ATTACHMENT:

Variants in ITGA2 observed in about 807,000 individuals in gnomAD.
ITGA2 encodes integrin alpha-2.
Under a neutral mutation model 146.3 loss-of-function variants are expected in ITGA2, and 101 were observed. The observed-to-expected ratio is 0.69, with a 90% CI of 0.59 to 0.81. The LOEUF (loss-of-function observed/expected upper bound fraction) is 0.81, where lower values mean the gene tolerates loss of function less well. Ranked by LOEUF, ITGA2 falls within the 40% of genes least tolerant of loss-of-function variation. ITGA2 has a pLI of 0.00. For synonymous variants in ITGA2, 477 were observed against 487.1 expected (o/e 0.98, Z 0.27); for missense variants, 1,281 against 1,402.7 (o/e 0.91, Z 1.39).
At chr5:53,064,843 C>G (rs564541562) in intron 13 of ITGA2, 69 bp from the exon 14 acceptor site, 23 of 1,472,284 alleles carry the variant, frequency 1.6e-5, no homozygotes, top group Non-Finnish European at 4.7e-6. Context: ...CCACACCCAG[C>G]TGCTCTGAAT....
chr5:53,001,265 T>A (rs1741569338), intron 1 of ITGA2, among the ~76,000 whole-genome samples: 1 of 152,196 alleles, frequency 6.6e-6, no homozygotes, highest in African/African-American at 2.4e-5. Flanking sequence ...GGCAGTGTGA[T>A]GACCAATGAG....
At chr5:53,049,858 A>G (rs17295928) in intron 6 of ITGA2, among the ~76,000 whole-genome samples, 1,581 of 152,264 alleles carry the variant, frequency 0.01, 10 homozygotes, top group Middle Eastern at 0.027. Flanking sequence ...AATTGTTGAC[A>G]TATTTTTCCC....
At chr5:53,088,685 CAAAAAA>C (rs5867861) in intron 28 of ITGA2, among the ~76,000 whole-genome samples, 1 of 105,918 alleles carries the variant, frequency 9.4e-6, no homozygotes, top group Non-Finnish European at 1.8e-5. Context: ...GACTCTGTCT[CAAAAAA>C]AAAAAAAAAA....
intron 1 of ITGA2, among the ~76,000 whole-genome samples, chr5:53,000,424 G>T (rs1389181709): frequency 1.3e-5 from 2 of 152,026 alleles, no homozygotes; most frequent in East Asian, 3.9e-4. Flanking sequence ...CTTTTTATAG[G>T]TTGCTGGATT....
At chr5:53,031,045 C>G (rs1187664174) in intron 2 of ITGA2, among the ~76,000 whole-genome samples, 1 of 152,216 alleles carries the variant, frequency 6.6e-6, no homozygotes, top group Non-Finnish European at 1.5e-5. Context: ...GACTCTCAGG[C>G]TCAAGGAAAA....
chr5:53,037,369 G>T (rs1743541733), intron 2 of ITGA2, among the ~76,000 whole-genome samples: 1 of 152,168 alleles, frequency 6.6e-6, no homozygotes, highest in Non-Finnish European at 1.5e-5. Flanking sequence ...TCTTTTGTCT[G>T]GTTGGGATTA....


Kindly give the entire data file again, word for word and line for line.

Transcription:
Variants in ITGA2 observed in about 807,000 individuals in gnomAD.
ITGA2 encodes integrin alpha-2.
Under a neutral mutation model 146.3 loss-of-function variants are expected in ITGA2, and 101 were observed. The observed-to-expected ratio is 0.69, with a 90% CI of 0.59 to 0.81. The LOEUF (loss-of-function observed/expected upper bound fraction) is 0.81, where lower values mean the gene tolerates loss of function less well. Ranked by LOEUF, ITGA2 falls within the 40% of genes least tolerant of loss-of-function variation. ITGA2 has a pLI of 0.00. For synonymous variants in ITGA2, 477 were observed against 487.1 expected (o/e 0.98, Z 0.27); for missense variants, 1,281 against 1,402.7 (o/e 0.91, Z 1.39).
At chr5:53,064,843 C>G (rs564541562) in intron 13 of ITGA2, 69 bp from the exon 14 acceptor site, 23 of 1,472,284 alleles carry the variant, frequency 1.6e-5, no homozygotes, top group Non-Finnish European at 4.7e-6. Context: ...CCACACCCAG[C>G]TGCTCTGAAT....
chr5:53,001,265 T>A (rs1741569338), intron 1 of ITGA2, among the ~76,000 whole-genome samples: 1 of 152,196 alleles, frequency 6.6e-6, no homozygotes, highest in African/African-American at 2.4e-5. Flanking sequence ...GGCAGTGTGA[T>A]GACCAATGAG....
At chr5:53,049,858 A>G (rs17295928) in intron 6 of ITGA2, among the ~76,000 whole-genome samples, 1,581 of 152,264 alleles carry the variant, frequency 0.01, 10 homozygotes, top group Middle Eastern at 0.027. Flanking sequence ...AATTGTTGAC[A>G]TATTTTTCCC....
At chr5:53,088,685 CAAAAAA>C (rs5867861) in intron 28 of ITGA2, among the ~76,000 whole-genome samples, 1 of 105,918 alleles carries the variant, frequency 9.4e-6, no homozygotes, top group Non-Finnish European at 1.8e-5. Context: ...GACTCTGTCT[CAAAAAA>C]AAAAAAAAAA....
intron 1 of ITGA2, among the ~76,000 whole-genome samples, chr5:53,000,424 G>T (rs1389181709): frequency 1.3e-5 from 2 of 152,026 alleles, no homozygotes; most frequent in East Asian, 3.9e-4. Flanking sequence ...CTTTTTATAG[G>T]TTGCTGGATT....
At chr5:53,031,045 C>G (rs1187664174) in intron 2 of ITGA2, among the ~76,000 whole-genome samples, 1 of 152,216 alleles carries the variant, frequency 6.6e-6, no homozygotes, top group Non-Finnish European at 1.5e-5. Context: ...GACTCTCAGG[C>G]TCAAGGAAAA....
chr5:53,037,369 G>T (rs1743541733), intron 2 of ITGA2, among the ~76,000 whole-genome samples: 1 of 152,168 alleles, frequency 6.6e-6, no homozygotes, highest in Non-Finnish European at 1.5e-5. Flanking sequence ...TCTTTTGTCT[G>T]GTTGGGATTA....